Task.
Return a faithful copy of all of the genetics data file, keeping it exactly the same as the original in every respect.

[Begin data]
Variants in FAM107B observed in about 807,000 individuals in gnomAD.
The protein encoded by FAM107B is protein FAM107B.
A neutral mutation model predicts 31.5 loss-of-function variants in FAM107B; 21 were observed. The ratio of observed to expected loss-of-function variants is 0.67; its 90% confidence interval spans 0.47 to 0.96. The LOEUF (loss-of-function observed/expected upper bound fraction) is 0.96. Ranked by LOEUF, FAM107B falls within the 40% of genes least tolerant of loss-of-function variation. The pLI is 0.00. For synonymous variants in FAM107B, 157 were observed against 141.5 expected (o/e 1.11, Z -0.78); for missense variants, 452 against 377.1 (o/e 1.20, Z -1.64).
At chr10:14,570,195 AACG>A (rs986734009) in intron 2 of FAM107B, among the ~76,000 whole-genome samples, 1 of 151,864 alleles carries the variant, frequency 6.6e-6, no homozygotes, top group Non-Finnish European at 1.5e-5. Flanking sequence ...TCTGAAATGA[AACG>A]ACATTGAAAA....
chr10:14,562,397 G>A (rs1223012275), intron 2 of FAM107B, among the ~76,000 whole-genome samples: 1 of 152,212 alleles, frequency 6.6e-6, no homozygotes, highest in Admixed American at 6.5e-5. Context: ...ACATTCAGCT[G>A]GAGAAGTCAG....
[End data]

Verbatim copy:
Variants in FAM107B observed in about 807,000 individuals in gnomAD.
The protein encoded by FAM107B is protein FAM107B.
A neutral mutation model predicts 31.5 loss-of-function variants in FAM107B; 21 were observed. The ratio of observed to expected loss-of-function variants is 0.67; its 90% confidence interval spans 0.47 to 0.96. The LOEUF (loss-of-function observed/expected upper bound fraction) is 0.96. Ranked by LOEUF, FAM107B falls within the 40% of genes least tolerant of loss-of-function variation. The pLI is 0.00. For synonymous variants in FAM107B, 157 were observed against 141.5 expected (o/e 1.11, Z -0.78); for missense variants, 452 against 377.1 (o/e 1.20, Z -1.64).
At chr10:14,570,195 AACG>A (rs986734009) in intron 2 of FAM107B, among the ~76,000 whole-genome samples, 1 of 151,864 alleles carries the variant, frequency 6.6e-6, no homozygotes, top group Non-Finnish European at 1.5e-5. Flanking sequence ...TCTGAAATGA[AACG>A]ACATTGAAAA....
chr10:14,562,397 G>A (rs1223012275), intron 2 of FAM107B, among the ~76,000 whole-genome samples: 1 of 152,212 alleles, frequency 6.6e-6, no homozygotes, highest in Admixed American at 6.5e-5. Context: ...ACATTCAGCT[G>A]GAGAAGTCAG....